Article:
Sunday musings 08-10-08

The emphasis of our lessons during our Sunday School and Priesthood/Relief Society meetings today was the topic of death.  We find ourselves surprisingly ignorant when it comes to discussing the life beyond, despite all that has been revealed regarding the spirit world, resurrection, and eternal progression thereafter.  Unfortunately a lot of urban legends, rumors, and well-intentioned “folk beliefs” have rushed to fill this void, such that our class discussions can become a strange admixture of doctrinal and quasi-doctrinal questions and answers.

Quasi-doctrinal statements (or “folk beliefs”) typically originate as “something I heard/read X say (where X stands for just about any Church general authority in the current dispensation) at this meeting/in this talk/from a friend who was present at the time.”  Often they begin as reasonable “extensions” of revealed doctrines (e.g., everyone who receives exaltation must receive the sealing ordinance; therefore, Jesus must have been married in mortality).  Some people contend that since the gospel is inherently logical and reasonable, “it makes sense” that if A = B and B = C that therefore A = C.

Now, people are free to believe that if they want.  However, when it comes to teaching the gospel we must exercise a greater amount of care.  Just because the hymn states “truth is reason” does not mean that the converse is true; reason is not necessarily truth.  We must understand the difference between doctrine and folk belief, between faith-promoting principles and faith-promoting rumors, and either carefully distinguish between the two in our teaching and speaking or (preferably) avoid the latter category altogether.

Even Alma, in teaching his son Corianton about the life beyond, was teaching at the very edge of his knowledge.  He even sought a special revelation to fill him some of the gaps in that knowledge, but this did not preclude the need for faith as touching other principles in that area.  Thus we find him making statements like “no one knows,” “I do not say,” and “behold, I give it as my opinion.” But these are all regarding matters like the timing of different resurrections and other details about which the Lord to this day has not chosen to reveal very much.  It is instructive that he also employs the phrase “it mattereth not” on several occasions, and I can definitely relate.  As with Alma, it mattereth not to me when and how I will be resurrected, nor how long it will take for all my scars to heal, my eyes to overcome their astigmatism, or my other ailments to be healed so that I may be “perfect.”  I simply know that they will happen, and that’s good enough for me.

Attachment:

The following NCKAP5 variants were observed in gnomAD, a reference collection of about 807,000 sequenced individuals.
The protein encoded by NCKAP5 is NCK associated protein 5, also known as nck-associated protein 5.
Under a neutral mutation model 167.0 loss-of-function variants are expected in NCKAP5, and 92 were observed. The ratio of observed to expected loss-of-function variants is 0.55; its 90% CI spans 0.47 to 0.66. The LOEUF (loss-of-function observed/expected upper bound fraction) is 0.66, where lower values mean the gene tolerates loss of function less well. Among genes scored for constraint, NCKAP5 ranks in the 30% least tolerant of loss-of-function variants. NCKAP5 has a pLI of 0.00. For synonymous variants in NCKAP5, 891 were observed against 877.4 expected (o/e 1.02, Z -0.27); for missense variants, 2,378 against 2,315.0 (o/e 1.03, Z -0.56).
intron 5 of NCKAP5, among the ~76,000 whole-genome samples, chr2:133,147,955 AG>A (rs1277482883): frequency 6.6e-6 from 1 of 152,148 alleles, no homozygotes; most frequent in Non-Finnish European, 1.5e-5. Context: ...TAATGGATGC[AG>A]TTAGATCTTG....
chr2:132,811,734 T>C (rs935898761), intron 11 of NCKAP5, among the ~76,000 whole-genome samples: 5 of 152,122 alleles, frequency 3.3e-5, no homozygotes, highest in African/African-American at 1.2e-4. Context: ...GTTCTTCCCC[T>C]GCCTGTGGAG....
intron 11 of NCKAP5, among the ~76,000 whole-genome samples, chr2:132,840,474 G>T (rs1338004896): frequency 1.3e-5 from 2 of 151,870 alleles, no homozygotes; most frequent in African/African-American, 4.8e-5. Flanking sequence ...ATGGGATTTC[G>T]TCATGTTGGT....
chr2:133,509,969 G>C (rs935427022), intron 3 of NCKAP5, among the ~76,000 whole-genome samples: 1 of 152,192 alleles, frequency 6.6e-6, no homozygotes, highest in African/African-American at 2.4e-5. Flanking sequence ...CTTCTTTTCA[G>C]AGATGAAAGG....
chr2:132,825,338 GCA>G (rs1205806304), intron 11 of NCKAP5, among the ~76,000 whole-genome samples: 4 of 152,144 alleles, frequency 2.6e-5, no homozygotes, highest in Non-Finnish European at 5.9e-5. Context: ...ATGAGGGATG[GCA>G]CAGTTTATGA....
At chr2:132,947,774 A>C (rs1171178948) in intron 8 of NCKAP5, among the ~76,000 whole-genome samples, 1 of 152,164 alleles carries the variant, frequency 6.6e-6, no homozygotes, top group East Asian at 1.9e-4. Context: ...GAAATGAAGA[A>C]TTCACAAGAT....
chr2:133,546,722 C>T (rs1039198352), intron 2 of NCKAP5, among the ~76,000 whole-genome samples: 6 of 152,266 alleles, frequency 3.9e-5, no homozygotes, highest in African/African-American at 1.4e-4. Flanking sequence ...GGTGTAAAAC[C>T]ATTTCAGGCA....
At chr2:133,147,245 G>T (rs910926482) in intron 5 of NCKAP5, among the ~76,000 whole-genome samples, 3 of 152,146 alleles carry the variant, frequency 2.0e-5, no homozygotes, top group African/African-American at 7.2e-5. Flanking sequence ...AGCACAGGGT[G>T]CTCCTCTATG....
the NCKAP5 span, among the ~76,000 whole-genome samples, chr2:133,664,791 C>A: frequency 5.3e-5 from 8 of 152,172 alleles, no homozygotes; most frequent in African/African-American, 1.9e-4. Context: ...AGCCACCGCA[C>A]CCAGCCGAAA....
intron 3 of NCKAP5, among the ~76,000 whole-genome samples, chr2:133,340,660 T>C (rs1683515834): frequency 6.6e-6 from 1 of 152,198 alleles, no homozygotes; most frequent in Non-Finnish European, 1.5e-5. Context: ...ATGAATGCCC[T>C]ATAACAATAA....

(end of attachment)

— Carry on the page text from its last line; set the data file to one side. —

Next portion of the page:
Another stumbling block we face with Alma 40 is that through modern revelation our knowledge of what occurs after death is more complete than Alma’s was at the time — or at least, there is nothing in the scriptural record indicating that he knew of these things.  So “mapping” what he says about the spirit world in Alma 40:11–14 to what we have in D&C 76 and D&C 138 (Joseph Smith’s vision of the three degrees of glory and Joseph F. Smith’s vision of the redemption of the dead, respectively) is a tricky endeavor.